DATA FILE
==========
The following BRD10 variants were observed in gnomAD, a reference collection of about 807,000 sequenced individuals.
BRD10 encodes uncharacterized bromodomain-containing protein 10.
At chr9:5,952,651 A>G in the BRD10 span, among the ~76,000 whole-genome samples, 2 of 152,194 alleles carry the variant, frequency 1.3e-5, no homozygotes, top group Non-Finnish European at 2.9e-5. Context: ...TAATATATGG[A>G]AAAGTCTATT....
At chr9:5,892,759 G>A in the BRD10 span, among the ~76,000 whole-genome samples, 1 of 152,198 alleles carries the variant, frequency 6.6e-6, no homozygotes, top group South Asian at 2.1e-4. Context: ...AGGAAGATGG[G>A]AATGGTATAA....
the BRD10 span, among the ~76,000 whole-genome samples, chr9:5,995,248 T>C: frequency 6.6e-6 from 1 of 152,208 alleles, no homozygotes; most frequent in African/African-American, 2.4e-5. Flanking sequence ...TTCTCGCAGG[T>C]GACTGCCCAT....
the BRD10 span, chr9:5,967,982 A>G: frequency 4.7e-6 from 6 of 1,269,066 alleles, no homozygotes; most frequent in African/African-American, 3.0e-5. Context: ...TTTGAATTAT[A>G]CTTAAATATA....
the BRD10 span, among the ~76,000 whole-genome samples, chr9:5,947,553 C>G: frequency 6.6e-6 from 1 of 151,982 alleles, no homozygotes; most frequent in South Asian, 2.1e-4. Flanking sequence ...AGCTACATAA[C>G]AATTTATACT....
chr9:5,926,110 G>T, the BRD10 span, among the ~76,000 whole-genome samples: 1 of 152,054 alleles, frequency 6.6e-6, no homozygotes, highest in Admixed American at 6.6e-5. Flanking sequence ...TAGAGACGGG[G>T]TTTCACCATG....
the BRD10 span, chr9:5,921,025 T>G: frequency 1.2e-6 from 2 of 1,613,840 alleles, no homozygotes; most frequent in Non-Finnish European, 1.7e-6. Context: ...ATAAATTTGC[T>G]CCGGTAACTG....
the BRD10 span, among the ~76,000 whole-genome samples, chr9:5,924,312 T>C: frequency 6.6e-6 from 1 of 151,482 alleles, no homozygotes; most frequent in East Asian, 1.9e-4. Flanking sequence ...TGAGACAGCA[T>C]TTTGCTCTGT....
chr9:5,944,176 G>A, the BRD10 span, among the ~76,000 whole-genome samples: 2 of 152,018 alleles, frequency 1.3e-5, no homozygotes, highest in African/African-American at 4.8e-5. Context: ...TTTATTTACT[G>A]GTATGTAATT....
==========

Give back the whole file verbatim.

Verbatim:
The following BRD10 variants were observed in gnomAD, a reference collection of about 807,000 sequenced individuals.
BRD10 encodes uncharacterized bromodomain-containing protein 10.
At chr9:5,952,651 A>G in the BRD10 span, among the ~76,000 whole-genome samples, 2 of 152,194 alleles carry the variant, frequency 1.3e-5, no homozygotes, top group Non-Finnish European at 2.9e-5. Context: ...TAATATATGG[A>G]AAAGTCTATT....
At chr9:5,892,759 G>A in the BRD10 span, among the ~76,000 whole-genome samples, 1 of 152,198 alleles carries the variant, frequency 6.6e-6, no homozygotes, top group South Asian at 2.1e-4. Context: ...AGGAAGATGG[G>A]AATGGTATAA....
the BRD10 span, among the ~76,000 whole-genome samples, chr9:5,995,248 T>C: frequency 6.6e-6 from 1 of 152,208 alleles, no homozygotes; most frequent in African/African-American, 2.4e-5. Flanking sequence ...TTCTCGCAGG[T>C]GACTGCCCAT....
the BRD10 span, chr9:5,967,982 A>G: frequency 4.7e-6 from 6 of 1,269,066 alleles, no homozygotes; most frequent in African/African-American, 3.0e-5. Context: ...TTTGAATTAT[A>G]CTTAAATATA....
the BRD10 span, among the ~76,000 whole-genome samples, chr9:5,947,553 C>G: frequency 6.6e-6 from 1 of 151,982 alleles, no homozygotes; most frequent in South Asian, 2.1e-4. Flanking sequence ...AGCTACATAA[C>G]AATTTATACT....
chr9:5,926,110 G>T, the BRD10 span, among the ~76,000 whole-genome samples: 1 of 152,054 alleles, frequency 6.6e-6, no homozygotes, highest in Admixed American at 6.6e-5. Flanking sequence ...TAGAGACGGG[G>T]TTTCACCATG....
the BRD10 span, chr9:5,921,025 T>G: frequency 1.2e-6 from 2 of 1,613,840 alleles, no homozygotes; most frequent in Non-Finnish European, 1.7e-6. Context: ...ATAAATTTGC[T>G]CCGGTAACTG....
the BRD10 span, among the ~76,000 whole-genome samples, chr9:5,924,312 T>C: frequency 6.6e-6 from 1 of 151,482 alleles, no homozygotes; most frequent in East Asian, 1.9e-4. Flanking sequence ...TGAGACAGCA[T>C]TTTGCTCTGT....
chr9:5,944,176 G>A, the BRD10 span, among the ~76,000 whole-genome samples: 2 of 152,018 alleles, frequency 1.3e-5, no homozygotes, highest in African/African-American at 4.8e-5. Context: ...TTTATTTACT[G>A]GTATGTAATT....